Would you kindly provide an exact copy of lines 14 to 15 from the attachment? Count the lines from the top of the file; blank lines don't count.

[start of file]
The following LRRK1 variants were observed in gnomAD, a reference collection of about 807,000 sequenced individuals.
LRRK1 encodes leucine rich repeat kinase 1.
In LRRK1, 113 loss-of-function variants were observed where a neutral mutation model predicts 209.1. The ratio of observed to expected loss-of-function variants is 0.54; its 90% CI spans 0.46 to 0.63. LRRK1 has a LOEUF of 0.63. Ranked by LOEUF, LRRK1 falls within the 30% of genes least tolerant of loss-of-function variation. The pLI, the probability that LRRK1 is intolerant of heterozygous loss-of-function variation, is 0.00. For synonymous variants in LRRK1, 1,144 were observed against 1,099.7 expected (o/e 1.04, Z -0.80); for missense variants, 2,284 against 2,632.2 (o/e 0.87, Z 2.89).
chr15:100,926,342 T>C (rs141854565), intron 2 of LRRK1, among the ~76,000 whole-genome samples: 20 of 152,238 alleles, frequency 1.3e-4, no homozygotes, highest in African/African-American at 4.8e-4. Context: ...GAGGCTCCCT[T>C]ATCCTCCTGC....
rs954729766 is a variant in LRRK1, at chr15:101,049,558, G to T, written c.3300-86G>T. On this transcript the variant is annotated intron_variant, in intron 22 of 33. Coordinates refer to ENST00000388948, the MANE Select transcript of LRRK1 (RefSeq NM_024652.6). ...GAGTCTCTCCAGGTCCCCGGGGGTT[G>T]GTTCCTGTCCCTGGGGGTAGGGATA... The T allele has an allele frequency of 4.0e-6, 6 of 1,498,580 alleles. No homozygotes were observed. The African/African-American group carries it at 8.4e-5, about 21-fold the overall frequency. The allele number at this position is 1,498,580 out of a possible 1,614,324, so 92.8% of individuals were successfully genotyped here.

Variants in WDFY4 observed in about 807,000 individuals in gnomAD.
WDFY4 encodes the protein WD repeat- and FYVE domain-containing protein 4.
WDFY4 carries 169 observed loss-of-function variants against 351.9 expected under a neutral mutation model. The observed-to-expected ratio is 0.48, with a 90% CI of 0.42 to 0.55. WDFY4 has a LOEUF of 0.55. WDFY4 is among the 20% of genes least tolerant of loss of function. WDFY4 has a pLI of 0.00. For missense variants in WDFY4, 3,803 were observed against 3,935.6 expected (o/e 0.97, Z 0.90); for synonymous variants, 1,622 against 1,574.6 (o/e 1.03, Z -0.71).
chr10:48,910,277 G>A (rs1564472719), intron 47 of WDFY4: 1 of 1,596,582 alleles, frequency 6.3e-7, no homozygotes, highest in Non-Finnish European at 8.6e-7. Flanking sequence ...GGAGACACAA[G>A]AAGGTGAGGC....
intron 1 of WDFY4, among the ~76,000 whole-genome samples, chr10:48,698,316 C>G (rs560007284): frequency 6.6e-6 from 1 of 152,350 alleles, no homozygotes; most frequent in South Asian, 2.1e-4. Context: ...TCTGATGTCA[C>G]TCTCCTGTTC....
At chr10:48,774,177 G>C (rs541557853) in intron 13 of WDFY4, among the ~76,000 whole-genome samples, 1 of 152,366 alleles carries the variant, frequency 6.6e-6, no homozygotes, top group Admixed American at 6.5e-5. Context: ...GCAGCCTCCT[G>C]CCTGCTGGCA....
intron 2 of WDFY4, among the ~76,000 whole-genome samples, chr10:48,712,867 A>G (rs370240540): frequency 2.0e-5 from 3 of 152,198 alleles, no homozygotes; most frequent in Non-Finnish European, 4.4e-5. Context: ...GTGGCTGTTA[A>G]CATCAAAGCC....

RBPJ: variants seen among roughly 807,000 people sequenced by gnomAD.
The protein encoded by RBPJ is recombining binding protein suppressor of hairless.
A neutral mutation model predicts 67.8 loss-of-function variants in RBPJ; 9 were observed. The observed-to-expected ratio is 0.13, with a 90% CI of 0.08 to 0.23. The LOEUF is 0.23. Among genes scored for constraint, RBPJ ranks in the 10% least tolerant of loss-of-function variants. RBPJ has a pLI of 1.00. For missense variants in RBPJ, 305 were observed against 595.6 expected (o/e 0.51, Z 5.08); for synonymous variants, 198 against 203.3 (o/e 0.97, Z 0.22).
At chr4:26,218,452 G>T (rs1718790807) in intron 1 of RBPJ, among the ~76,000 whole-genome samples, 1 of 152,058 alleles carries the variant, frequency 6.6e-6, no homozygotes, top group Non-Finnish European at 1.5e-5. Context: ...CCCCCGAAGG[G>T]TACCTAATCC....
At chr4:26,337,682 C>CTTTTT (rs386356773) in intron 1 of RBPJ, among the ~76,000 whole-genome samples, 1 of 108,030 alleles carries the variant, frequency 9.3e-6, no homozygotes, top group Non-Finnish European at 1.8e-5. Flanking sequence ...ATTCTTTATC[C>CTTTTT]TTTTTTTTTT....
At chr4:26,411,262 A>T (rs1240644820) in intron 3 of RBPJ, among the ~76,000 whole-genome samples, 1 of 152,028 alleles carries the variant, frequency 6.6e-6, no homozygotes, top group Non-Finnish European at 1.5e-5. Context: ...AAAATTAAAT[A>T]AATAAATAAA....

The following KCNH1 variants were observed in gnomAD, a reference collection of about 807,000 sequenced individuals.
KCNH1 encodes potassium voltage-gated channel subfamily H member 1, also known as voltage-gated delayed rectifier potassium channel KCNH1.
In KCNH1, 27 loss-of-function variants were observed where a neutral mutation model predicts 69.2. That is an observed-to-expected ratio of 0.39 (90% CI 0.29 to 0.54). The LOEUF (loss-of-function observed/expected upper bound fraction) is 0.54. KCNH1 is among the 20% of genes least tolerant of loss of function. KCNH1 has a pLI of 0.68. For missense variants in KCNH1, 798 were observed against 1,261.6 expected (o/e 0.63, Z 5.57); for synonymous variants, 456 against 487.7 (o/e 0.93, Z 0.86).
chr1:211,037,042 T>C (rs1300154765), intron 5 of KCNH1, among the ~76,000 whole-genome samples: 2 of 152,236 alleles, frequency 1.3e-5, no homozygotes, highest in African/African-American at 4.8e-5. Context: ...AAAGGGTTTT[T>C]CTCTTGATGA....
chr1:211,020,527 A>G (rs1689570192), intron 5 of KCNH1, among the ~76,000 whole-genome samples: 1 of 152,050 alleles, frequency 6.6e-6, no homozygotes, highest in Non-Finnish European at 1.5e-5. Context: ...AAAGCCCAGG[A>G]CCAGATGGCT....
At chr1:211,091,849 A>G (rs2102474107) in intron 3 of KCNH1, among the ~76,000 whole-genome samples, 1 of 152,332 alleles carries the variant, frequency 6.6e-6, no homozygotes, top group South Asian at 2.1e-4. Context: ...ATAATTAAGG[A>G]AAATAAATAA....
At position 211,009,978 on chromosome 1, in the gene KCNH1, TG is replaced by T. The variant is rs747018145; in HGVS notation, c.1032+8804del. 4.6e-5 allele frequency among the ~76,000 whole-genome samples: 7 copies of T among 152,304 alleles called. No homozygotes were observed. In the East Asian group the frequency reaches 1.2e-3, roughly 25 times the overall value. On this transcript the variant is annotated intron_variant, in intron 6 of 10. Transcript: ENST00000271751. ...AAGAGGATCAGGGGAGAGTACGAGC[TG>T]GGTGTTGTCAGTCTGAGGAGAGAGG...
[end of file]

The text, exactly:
The protein encoded by RBPJ is recombining binding protein suppressor of hairless.
A neutral mutation model predicts 67.8 loss-of-function variants in RBPJ; 9 were observed. The observed-to-expected ratio is 0.13, with a 90% CI of 0.08 to 0.23. The LOEUF is 0.23. Among genes scored for constraint, RBPJ ranks in the 10% least tolerant of loss-of-function variants. RBPJ has a pLI of 1.00. For missense variants in RBPJ, 305 were observed against 595.6 expected (o/e 0.51, Z 5.08); for synonymous variants, 198 against 203.3 (o/e 0.97, Z 0.22).